Consumer spending per capita in Pennsylvania is approximately $49,040 . This suggests that Pennsylvanians have a reasonable disposable income for goods and services, presenting business opportunities across various sectors.

Understanding these factors is crucial when starting a business in Pennsylvania. It provides an insight into the economic landscape, enabling entrepreneurs to make informed decisions that align with market trends and consumer behaviors.

Top Industries in Pennsylvania:

Pennsylvania’s economy is diverse and robust, with several key industries driving its growth. Manufacturing remains a vital sector, with the state ranking 6th in the nation for value added by manufacturing according to the National Association of Manufacturers. The state’s strong manufacturing sector includes food processing, machinery, and chemical manufacturing.

Healthcare and social assistance is another significant industry in Pennsylvania. The state is home to renowned healthcare institutions like the University of Pennsylvania Health System and the Children’s Hospital of Philadelphia, contributing to the state’s strong healthcare sector.

In terms of technology, Pennsylvania has made strides in recent years. The state’s technology sector is growing rapidly, bolstered by world-class universities like Carnegie Mellon and the University of Pennsylvania that consistently produce highly skilled graduates in STEM fields.

Looking to the future renewable energy is an emerging industry in Pennsylvania. The state has made significant investments in wind and solar energy, positioning it as a leader in the renewable energy sector. Pennsylvania’s business outlook remains strong with a diverse economy and continued investments in growth sectors.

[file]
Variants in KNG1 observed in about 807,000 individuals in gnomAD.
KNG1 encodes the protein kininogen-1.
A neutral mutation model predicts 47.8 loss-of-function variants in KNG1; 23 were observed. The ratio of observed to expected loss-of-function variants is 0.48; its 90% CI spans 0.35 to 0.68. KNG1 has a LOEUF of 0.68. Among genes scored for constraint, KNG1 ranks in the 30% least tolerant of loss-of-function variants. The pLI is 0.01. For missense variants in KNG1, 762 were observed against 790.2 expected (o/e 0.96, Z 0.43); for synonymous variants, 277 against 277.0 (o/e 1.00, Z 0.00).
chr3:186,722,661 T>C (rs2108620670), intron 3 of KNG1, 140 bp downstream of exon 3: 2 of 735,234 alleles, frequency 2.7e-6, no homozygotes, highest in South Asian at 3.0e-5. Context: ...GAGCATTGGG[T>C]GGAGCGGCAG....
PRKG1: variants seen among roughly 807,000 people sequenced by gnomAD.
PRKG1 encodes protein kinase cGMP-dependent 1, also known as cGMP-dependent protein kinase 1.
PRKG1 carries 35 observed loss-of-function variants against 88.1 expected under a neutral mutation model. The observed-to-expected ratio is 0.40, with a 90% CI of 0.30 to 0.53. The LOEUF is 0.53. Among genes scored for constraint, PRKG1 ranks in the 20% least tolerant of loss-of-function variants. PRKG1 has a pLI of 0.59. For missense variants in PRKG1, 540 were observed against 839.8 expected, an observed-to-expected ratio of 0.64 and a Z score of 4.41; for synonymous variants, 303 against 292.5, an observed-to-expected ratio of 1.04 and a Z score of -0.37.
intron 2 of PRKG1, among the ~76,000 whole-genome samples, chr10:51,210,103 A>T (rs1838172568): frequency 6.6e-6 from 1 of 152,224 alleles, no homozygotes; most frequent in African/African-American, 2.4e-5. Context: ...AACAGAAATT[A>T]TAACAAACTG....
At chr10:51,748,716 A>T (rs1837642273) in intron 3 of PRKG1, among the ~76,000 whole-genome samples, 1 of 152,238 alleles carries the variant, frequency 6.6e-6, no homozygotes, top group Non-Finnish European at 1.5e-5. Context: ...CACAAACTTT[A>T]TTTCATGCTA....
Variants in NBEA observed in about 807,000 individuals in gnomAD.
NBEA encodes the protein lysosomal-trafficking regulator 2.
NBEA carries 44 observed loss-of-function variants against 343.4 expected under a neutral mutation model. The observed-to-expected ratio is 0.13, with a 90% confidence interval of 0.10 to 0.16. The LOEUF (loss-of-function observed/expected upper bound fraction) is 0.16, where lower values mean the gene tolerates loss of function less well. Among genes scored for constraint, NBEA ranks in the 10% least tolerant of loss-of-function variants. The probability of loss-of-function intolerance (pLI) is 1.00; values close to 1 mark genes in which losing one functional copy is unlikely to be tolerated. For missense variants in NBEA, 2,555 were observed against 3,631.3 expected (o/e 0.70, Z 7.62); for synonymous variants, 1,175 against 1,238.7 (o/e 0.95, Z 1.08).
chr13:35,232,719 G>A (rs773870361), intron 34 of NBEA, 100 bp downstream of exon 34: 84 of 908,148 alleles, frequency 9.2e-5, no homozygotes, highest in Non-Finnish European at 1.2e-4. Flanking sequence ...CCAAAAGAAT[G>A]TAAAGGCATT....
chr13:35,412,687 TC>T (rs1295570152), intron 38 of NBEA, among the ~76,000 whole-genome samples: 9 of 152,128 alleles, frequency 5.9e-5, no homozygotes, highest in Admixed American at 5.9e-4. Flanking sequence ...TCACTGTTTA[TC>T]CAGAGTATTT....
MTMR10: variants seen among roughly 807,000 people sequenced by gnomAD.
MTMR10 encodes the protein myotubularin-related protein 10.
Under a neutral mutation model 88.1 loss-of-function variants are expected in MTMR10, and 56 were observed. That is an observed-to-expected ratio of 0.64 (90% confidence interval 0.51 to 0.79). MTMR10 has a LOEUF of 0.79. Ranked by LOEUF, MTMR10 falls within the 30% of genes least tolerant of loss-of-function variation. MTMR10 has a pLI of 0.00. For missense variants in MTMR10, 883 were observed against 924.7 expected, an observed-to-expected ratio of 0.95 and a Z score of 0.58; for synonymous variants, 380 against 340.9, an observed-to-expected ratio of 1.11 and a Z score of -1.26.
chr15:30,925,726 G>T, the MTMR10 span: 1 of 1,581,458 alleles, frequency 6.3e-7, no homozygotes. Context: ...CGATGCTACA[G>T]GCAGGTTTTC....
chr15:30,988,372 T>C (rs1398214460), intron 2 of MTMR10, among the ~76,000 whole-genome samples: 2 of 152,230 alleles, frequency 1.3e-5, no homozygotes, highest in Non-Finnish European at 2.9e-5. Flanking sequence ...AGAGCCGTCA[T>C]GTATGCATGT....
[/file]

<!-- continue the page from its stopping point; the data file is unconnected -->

Network Your Way to Success When Starting a Business

Networking is a skill that most successful business owners have as one of their top talents. You can do it too! Networking is a great way to improve your success and grow your personal and business reputation. Here are a few ways to get started.

Identify Complementary Businesses:  In Pennsylvania’s diverse economic landscape, identifying complementary businesses can open doors for collaboration and mutual growth. By aligning with businesses that offer complementary services, companies can leverage shared customer bases, cross-promote each other’s offerings, and create synergies that benefit all parties involved.

Leverage Workforce Talent:  Pennsylvania’s relatively educated workforce is a valuable business asset. Companies can tap into this talent pool to drive innovation, enhance productivity, and gain a competitive edge. Moreover, businesses that invest in their employees through ongoing training and development can further amplify this advantage.

Collaborate with Industry Leaders:  Collaboration with industry leaders can provide businesses with invaluable insights, access to broader networks, and potential partnership opportunities. Such collaborations can accelerate growth, drive innovation, and enhance market visibility, particularly for startups and small businesses seeking to establish their footing in Pennsylvania’s competitive business environment.

Workforce and Talent

Understanding the demographics and dynamics of Pennsylvania’s workforce is crucial for businesses. It helps plan recruitment strategies, identify skill gaps, and understand labor market trends.

Unemployment Rate

Pennsylvania’s Unemployment Rate is 4.00%, according to the Bureau of Labor Statistics.

Minimum Wage

Pennsylvania’s minimum wage is $7.25 per hour, the same as the federal minimum. Businesses must consider this when planning their labor costs and wage structure.